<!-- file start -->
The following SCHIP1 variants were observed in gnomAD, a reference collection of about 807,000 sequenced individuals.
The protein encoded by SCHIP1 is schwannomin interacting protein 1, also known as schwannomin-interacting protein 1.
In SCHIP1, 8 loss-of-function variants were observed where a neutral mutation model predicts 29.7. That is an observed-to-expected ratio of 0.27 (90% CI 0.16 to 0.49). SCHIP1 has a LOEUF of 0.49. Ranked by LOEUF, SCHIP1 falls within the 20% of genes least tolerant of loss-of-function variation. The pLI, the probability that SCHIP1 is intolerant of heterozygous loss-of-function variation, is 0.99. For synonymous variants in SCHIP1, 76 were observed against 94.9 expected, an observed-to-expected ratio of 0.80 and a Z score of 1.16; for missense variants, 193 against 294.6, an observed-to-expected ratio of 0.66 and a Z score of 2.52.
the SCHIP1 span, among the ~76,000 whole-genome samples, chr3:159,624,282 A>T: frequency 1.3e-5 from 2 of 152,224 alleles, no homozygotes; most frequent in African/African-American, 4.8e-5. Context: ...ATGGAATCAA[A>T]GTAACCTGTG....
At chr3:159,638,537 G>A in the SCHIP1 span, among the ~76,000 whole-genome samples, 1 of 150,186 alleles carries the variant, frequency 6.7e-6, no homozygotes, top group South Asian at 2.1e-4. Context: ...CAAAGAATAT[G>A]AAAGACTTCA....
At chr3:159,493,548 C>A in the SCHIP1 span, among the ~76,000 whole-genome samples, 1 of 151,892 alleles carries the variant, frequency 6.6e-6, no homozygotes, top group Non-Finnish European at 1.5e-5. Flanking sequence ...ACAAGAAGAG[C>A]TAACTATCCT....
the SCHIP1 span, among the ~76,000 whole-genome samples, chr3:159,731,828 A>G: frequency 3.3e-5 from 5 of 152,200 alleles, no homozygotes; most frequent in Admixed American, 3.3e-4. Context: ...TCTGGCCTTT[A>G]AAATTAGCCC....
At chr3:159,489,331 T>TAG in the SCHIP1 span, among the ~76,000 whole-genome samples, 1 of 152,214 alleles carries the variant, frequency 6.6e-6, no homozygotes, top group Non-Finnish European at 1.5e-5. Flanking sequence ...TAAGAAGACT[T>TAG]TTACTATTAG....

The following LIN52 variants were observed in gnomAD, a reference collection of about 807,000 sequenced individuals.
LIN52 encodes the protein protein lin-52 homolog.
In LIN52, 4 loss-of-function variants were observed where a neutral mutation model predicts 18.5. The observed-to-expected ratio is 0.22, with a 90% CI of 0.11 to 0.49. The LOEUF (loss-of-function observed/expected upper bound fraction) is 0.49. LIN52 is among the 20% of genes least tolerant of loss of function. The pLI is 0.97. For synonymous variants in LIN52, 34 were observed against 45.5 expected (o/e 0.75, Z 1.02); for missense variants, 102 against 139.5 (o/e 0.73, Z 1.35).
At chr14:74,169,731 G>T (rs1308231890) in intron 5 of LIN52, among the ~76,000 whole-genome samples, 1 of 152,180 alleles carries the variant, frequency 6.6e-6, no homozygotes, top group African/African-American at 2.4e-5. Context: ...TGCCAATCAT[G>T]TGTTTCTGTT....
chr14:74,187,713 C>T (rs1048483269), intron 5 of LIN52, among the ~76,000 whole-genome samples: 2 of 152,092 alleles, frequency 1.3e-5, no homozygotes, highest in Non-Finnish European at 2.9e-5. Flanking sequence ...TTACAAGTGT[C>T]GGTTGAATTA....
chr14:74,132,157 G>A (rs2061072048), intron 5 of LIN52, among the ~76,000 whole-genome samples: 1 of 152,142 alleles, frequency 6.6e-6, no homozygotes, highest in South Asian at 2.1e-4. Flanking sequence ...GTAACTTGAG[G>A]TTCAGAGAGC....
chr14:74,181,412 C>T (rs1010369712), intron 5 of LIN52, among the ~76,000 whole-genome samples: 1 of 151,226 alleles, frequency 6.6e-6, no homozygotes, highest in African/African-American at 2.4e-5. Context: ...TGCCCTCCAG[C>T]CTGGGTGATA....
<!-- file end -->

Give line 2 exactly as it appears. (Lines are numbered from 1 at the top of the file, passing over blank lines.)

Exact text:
The protein encoded by SCHIP1 is schwannomin interacting protein 1, also known as schwannomin-interacting protein 1.